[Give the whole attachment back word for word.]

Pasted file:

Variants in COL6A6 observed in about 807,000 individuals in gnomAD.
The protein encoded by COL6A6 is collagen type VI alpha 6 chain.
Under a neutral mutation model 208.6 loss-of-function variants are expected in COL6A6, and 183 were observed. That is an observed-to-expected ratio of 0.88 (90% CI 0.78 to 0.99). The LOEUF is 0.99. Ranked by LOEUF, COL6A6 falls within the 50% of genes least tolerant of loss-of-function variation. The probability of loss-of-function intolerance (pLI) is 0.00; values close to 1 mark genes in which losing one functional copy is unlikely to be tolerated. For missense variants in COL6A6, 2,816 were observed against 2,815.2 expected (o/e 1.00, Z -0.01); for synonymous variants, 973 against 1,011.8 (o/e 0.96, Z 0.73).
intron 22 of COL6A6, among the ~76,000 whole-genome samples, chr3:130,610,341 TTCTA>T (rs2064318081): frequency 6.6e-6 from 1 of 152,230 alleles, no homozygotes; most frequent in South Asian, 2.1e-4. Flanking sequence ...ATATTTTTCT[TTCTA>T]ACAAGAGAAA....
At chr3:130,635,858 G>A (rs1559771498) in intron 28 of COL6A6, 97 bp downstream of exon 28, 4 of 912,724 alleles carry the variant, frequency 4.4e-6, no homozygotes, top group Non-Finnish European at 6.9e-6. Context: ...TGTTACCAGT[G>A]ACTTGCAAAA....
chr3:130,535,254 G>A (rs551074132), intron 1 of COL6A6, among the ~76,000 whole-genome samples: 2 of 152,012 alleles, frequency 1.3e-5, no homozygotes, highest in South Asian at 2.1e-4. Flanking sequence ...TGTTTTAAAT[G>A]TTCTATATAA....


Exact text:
Variants in COL6A6 observed in about 807,000 individuals in gnomAD.
The protein encoded by COL6A6 is collagen type VI alpha 6 chain.
Under a neutral mutation model 208.6 loss-of-function variants are expected in COL6A6, and 183 were observed. That is an observed-to-expected ratio of 0.88 (90% CI 0.78 to 0.99). The LOEUF is 0.99. Ranked by LOEUF, COL6A6 falls within the 50% of genes least tolerant of loss-of-function variation. The probability of loss-of-function intolerance (pLI) is 0.00; values close to 1 mark genes in which losing one functional copy is unlikely to be tolerated. For missense variants in COL6A6, 2,816 were observed against 2,815.2 expected (o/e 1.00, Z -0.01); for synonymous variants, 973 against 1,011.8 (o/e 0.96, Z 0.73).
intron 22 of COL6A6, among the ~76,000 whole-genome samples, chr3:130,610,341 TTCTA>T (rs2064318081): frequency 6.6e-6 from 1 of 152,230 alleles, no homozygotes; most frequent in South Asian, 2.1e-4. Flanking sequence ...ATATTTTTCT[TTCTA>T]ACAAGAGAAA....
At chr3:130,635,858 G>A (rs1559771498) in intron 28 of COL6A6, 97 bp downstream of exon 28, 4 of 912,724 alleles carry the variant, frequency 4.4e-6, no homozygotes, top group Non-Finnish European at 6.9e-6. Context: ...TGTTACCAGT[G>A]ACTTGCAAAA....
chr3:130,535,254 G>A (rs551074132), intron 1 of COL6A6, among the ~76,000 whole-genome samples: 2 of 152,012 alleles, frequency 1.3e-5, no homozygotes, highest in South Asian at 2.1e-4. Flanking sequence ...TGTTTTAAAT[G>A]TTCTATATAA....